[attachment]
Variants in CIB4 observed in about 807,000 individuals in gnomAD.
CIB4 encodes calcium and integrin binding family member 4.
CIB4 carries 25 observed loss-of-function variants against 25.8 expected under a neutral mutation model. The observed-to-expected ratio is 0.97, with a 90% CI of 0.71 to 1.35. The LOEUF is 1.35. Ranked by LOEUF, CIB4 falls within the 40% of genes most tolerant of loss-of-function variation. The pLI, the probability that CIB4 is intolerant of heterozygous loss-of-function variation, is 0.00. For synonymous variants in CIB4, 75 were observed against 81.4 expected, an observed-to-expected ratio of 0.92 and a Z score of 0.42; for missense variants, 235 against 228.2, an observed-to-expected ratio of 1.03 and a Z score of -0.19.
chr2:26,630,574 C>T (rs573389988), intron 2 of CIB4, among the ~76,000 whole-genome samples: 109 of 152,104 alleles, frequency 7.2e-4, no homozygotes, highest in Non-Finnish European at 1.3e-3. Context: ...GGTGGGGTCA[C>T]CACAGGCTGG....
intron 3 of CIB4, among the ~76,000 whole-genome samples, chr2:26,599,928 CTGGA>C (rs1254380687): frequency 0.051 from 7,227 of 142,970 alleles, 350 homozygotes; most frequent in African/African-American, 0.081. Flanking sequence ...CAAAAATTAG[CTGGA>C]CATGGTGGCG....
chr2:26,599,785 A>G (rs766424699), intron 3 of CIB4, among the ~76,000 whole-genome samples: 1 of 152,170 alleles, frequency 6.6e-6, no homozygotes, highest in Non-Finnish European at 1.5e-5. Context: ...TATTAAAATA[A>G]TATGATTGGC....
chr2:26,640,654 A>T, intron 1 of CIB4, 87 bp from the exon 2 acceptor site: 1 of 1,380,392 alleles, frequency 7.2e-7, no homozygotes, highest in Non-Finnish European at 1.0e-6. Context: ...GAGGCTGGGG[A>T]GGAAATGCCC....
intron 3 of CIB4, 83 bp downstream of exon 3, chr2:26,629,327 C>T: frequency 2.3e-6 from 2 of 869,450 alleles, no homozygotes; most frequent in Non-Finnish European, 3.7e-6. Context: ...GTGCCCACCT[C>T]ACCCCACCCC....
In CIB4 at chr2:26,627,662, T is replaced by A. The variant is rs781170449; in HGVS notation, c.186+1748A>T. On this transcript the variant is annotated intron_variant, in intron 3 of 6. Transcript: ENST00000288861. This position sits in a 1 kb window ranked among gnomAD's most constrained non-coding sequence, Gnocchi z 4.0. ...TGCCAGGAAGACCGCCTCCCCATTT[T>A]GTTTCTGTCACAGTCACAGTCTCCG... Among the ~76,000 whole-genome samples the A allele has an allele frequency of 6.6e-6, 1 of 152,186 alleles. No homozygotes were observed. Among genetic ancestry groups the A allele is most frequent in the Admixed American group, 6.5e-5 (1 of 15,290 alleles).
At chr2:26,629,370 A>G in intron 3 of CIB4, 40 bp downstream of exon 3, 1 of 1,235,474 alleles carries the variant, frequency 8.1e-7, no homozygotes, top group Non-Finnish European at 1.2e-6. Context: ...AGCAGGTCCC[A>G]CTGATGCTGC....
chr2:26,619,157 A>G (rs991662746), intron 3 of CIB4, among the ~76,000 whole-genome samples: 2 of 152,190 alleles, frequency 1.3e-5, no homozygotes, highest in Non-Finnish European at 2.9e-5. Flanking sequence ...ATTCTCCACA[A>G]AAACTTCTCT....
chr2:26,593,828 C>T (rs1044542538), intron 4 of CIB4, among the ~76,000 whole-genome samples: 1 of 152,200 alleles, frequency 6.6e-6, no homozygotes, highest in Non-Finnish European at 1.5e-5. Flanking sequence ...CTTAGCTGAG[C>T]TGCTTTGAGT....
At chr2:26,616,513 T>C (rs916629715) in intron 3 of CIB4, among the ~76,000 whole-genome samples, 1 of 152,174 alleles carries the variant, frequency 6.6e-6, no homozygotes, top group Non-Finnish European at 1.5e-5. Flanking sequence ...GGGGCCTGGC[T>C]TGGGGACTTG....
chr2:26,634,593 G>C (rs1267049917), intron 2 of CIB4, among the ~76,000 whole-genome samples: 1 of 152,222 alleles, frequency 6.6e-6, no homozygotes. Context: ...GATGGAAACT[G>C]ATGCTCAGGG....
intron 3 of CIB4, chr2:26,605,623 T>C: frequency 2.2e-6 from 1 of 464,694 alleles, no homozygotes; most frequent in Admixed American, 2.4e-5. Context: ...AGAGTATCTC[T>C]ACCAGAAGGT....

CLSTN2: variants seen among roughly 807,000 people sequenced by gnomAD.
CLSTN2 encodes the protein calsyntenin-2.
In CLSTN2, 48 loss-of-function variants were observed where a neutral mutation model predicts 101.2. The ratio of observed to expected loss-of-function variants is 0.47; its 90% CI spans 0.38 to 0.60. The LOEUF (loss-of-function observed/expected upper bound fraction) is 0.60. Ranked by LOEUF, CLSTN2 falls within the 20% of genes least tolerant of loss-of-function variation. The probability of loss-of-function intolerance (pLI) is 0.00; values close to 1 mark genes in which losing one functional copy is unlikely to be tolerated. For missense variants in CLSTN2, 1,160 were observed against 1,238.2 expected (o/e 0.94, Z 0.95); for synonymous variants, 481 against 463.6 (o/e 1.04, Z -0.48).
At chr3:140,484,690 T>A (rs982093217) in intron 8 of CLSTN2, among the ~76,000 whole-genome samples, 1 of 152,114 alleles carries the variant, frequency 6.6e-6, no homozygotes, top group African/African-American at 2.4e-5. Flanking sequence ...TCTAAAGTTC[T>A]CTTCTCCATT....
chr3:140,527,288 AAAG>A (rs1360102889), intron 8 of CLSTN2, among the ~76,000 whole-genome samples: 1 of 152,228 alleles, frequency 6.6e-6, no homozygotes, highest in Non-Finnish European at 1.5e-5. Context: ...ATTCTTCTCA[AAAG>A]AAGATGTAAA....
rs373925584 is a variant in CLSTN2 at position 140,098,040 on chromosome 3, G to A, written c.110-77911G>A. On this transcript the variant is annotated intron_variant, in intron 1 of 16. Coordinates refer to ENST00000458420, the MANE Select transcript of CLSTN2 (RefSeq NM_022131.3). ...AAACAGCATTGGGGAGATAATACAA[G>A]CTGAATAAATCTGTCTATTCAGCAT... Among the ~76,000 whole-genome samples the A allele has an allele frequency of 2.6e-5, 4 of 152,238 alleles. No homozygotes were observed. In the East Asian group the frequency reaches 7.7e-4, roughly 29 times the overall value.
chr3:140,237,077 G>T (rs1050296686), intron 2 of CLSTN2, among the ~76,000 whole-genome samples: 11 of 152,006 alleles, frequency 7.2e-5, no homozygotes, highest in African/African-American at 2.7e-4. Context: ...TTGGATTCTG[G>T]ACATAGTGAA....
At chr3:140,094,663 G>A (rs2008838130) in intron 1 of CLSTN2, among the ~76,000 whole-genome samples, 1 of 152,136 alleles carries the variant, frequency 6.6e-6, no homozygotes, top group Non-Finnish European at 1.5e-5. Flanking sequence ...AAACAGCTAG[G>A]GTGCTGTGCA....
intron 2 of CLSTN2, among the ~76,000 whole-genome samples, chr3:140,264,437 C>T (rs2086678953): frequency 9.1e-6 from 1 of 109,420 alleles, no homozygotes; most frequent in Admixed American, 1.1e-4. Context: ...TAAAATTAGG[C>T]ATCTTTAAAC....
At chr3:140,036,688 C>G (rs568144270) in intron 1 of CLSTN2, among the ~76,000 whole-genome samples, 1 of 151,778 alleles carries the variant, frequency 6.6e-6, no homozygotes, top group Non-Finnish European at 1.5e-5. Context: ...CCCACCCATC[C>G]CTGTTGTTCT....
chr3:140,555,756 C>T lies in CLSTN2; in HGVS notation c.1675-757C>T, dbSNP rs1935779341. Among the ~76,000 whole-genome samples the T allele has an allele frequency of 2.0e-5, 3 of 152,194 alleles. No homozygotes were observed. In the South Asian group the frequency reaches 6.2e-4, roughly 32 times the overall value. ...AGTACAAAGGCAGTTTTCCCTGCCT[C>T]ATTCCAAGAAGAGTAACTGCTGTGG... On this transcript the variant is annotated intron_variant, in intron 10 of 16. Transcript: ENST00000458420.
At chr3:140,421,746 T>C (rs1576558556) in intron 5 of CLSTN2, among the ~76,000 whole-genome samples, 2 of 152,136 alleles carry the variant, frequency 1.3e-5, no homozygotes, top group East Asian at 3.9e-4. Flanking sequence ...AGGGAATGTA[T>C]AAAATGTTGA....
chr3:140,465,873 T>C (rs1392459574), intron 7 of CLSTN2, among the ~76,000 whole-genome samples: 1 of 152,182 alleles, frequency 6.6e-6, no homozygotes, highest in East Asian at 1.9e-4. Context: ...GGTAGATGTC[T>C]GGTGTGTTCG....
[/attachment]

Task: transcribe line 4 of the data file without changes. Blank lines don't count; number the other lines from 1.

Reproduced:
chr2:26,630,574 C>T (rs573389988), intron 2 of CIB4, among the ~76,000 whole-genome samples: 109 of 152,104 alleles, frequency 7.2e-4, no homozygotes, highest in Non-Finnish European at 1.3e-3. Context: ...GGTGGGGTCA[C>T]CACAGGCTGG....